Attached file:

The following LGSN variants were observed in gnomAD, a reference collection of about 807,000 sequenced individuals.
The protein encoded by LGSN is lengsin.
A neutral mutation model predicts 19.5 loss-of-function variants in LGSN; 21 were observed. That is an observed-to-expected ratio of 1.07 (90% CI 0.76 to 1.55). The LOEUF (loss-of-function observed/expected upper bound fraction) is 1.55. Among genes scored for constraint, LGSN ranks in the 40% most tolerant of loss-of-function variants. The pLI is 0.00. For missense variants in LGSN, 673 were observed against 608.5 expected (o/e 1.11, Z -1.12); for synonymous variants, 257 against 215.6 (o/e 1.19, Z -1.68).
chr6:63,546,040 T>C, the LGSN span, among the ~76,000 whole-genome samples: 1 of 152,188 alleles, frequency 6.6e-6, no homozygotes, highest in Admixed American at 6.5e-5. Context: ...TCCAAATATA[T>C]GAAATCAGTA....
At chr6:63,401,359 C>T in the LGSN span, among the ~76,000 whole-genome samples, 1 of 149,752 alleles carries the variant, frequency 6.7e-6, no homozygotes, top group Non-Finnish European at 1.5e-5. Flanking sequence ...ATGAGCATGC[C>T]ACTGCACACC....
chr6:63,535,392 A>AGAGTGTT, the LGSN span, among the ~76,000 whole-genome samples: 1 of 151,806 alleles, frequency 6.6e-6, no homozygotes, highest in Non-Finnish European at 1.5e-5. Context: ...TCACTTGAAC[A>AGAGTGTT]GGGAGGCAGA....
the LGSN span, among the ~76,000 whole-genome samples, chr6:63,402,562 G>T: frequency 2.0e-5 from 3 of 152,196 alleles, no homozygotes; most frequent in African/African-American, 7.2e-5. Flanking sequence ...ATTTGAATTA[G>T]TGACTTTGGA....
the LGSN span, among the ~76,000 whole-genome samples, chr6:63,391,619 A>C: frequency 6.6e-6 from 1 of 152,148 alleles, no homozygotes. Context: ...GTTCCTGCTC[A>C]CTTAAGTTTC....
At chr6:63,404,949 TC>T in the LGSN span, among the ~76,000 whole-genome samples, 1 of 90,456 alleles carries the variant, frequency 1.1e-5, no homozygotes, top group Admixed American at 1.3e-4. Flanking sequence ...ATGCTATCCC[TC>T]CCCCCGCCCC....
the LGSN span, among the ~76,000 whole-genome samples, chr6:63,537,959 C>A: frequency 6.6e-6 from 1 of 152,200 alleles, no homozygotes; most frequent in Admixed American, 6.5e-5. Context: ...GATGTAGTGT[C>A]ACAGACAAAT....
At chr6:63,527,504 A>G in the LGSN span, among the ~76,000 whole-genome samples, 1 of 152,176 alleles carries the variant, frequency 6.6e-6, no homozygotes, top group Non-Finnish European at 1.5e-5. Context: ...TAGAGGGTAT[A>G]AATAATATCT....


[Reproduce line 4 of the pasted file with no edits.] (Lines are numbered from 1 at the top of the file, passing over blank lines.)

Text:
chr6:63,546,040 T>C, the LGSN span, among the ~76,000 whole-genome samples: 1 of 152,188 alleles, frequency 6.6e-6, no homozygotes, highest in Admixed American at 6.5e-5. Context: ...TCCAAATATA[T>C]GAAATCAGTA....